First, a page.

Thursday, April 12, 2007

Vonnegut On The Corpocracy

I have read one or two of Kurt Vonnegut's books, maybe Slapstick and one or two more, back when I read fiction. I think I may have had a girlfriend who was enamored of his writing as well, plus friends who read his works regularly, but as time went on, I find that few people these days read his work, and Hollywood can't translate his books to film very well. There are no explosions or car chases, no stoic hero shoots bullets from an automatic weapon that only strikes the enemy, and avoids the innocent civilians around him.
But if you read this, you can sense the outrage of a man who laid his life on the line for democracy feels in the twilight of years as that democracy is methodically replaced, piece by piece, with a corpocracy, lead not by great men, but by money grubbing baboons, as the people of the nation rarely read a book wihout a celebrities name attached to it, or read the latest assembly line piece by some hack fiction writer, milking a genre for all it's worth. Some choice quotes from A Man Without A Country:

"Do unto others what you would have them do unto you." A lot of people think Jesus said that, because it is so much the sort of thing Jesus liked to say. But it was actually said by Confucius, a Chinese philosopher, five hundred years before there was that greatest and most humane of human beings, named Jesus Christ.

The Chinese also gave us, via Marco Polo, pasta and the formula for gunpowder. The Chinese were so dumb they only used gunpowder for fireworks. And everybody was so dumb back then that nobody in either hemisphere even knew that there was another one.

We've sure come a long way since then. Sometimes I wish we hadn't. I hate H-bombs and the Jerry Springer Show

How about Jesus' Sermon on the Mount, the Beatitudes?

Blessed are the meek, for they shall inherit the Earth.

Blessed are the merciful, for they shall obtain mercy.

Blessed are the peacemakers, for they shall be called the children of God.

And so on.

Not exactly planks in a Republican platform. Not exactly George W Bush, Dick Cheney, or Donald Rumsfeld stuff.

For some reason, the most vocal Christians among us never mention the Beatitudes. But, often with tears in their eyes, they demand that the Ten Commandments be posted in public buildings. And of course that's Moses, not Jesus. I haven't heard one of them demand that the Sermon on the Mount, the Beatitudes, be posted anywhere.

"Blessed are the merciful" in a courtroom? "Blessed are the peacemakers" in the Pentagon? Give me a break!

Our president is a Christian? So was Adolf Hitler. What can be said to our young people, now that psychopathic personalities, which is to say persons without consciences, without senses of pity or shame, have taken all the money in the treasuries of our government and corporations, and made it all their own?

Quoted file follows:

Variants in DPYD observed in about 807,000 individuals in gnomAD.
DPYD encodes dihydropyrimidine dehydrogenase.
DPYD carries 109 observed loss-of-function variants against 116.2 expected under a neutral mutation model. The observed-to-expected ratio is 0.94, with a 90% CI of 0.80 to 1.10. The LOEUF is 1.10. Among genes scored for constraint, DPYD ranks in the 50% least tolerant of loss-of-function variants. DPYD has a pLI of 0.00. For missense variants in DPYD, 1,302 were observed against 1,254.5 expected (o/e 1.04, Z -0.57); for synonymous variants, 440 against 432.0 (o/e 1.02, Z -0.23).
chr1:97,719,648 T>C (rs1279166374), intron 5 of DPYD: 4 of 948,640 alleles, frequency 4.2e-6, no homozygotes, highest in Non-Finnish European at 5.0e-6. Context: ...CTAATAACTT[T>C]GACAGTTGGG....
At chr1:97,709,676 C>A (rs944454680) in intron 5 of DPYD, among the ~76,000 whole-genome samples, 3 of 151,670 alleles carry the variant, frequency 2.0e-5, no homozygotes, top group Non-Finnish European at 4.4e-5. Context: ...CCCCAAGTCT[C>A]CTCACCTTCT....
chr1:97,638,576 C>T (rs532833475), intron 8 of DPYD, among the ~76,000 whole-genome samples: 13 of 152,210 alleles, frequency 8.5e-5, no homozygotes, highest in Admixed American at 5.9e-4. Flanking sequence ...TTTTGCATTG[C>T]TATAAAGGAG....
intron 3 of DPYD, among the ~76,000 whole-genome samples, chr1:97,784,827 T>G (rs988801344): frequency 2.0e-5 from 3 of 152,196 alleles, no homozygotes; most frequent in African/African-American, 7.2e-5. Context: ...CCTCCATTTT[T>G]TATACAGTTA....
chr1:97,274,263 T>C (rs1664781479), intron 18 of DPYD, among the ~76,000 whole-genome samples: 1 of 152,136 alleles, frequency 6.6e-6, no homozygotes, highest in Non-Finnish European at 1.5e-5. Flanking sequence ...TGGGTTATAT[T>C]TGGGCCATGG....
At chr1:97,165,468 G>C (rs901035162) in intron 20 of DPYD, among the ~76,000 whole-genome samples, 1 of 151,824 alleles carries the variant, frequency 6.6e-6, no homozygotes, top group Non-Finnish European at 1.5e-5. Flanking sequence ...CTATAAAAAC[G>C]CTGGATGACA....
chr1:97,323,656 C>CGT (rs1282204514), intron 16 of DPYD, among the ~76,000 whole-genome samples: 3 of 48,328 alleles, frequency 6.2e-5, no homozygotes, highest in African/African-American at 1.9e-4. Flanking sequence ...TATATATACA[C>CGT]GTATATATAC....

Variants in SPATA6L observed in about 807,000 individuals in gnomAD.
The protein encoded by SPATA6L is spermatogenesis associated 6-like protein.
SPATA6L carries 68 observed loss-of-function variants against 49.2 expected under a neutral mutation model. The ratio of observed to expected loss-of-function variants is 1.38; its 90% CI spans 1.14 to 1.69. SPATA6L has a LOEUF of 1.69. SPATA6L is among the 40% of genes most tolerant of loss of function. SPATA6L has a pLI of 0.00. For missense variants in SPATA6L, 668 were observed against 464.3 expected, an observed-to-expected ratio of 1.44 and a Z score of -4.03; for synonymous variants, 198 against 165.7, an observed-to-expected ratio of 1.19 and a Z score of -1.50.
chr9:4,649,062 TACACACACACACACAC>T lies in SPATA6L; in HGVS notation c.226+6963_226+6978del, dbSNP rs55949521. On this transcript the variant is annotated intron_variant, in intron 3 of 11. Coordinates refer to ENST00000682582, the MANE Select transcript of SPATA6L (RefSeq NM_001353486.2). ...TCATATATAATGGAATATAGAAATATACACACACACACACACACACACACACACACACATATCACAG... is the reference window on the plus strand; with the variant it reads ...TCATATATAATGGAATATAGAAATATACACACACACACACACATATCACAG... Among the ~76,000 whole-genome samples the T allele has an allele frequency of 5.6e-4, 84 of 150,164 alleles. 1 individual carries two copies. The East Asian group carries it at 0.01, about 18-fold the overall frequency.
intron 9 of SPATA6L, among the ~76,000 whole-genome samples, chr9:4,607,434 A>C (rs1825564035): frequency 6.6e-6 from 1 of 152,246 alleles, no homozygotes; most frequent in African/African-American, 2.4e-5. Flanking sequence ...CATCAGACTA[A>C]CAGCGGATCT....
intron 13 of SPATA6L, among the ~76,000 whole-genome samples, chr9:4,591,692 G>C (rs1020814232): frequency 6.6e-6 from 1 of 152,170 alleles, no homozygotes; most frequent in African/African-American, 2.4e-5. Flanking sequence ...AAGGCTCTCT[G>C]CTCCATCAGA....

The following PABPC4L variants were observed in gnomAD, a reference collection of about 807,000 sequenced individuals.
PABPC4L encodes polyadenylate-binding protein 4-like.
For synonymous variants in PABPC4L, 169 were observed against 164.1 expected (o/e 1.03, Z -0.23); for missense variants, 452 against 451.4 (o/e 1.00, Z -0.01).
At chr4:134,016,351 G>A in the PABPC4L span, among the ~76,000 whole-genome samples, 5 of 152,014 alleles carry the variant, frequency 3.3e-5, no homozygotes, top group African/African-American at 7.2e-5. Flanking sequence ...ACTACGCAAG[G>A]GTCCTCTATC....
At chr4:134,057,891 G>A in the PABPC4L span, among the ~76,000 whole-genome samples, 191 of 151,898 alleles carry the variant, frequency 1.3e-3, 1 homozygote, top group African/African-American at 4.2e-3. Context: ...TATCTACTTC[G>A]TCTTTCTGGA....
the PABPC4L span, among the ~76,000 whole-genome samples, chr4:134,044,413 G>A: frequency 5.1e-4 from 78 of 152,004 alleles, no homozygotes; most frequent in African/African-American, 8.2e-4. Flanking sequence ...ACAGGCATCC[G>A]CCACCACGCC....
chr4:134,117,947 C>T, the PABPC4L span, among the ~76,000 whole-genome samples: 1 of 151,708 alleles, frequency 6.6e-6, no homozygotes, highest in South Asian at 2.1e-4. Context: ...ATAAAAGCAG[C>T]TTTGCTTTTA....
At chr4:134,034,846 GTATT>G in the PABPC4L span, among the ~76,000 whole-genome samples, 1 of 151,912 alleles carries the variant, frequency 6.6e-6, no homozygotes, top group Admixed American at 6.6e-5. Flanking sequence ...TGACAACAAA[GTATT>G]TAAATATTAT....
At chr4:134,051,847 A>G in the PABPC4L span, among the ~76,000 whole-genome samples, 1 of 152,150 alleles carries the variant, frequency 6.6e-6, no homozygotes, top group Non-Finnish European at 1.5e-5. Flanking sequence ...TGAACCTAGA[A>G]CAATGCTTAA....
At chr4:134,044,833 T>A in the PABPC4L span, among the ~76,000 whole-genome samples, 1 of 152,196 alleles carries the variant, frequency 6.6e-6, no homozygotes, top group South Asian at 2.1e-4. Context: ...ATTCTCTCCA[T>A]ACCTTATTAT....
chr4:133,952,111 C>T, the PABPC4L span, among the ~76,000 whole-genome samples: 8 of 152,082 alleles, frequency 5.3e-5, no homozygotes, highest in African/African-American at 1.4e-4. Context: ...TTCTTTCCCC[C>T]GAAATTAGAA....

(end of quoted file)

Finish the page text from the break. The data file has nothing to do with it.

© 2005 Kurt Vonnegut Extracted from A Man Without a Country: : A Memoir of Life in George W Bush's America.

7 comments:

Graeme said...

Awesome. I have got to read that book

Mariamariacuchita said...

Well said, Lew. Those with the power to follow the words of Christ seldom do, but why is it when the corporate churches do the right thing and take care of he poor, or follow the Beatitudes, we are always surprised?

I read Vonnegut from the first. I read all his books and his insight always blew me away, but then, I was very young back then and good and evil seemed a simple scenario, without layers or conflicts or gray areas.

This administration certainly has operated without constraint and without following the practices and words of their religious founder.

Peacechick Mary said...

I have never been to a Christian church or had a conversation with a "christian" who would speak of the Sermon on the Mount. I always figure they just haven't gotten that far in the book. For me, the Sermon on the Mount IS Christianity. Love this post, btw.

Elvez73 said...

Pretty much sums it all up there. Vonnegut was such a treasure its sad that he has passed, but his wonderful writings endure.

Kvatch said...

Beatitudes in public places... Now there's a notion.

Alicia Morgan said...

I loved Vonnegut from the time I was 11. Even then, I think his writing contributed to my becoming a liberal. His lessons, like Mark Twain's were so gently taught, with a wry twist of humor, that I wasn't aware of their being lessons.

The last book I bought of his was 'Man Without A Country'. Reading that book, I knew we wouldn't have him much longer, so there was the tinge of sadness mixed with the soul-opening joy I got from any Vonnegut work. And then he began to speak out publicly, in radio interviews and at universities about his political views, which matched his human views.

This planet is less without him, but, as elvez said, we have his writing, and I hope more people start reading him.

Kathy said...

I read Vonnegut years ago, but never saw this piece before. It sums up the problem I've had with the religious right and the Bush administration for years. (Simply saying you're a Christian does not make you one. You need to act like one.)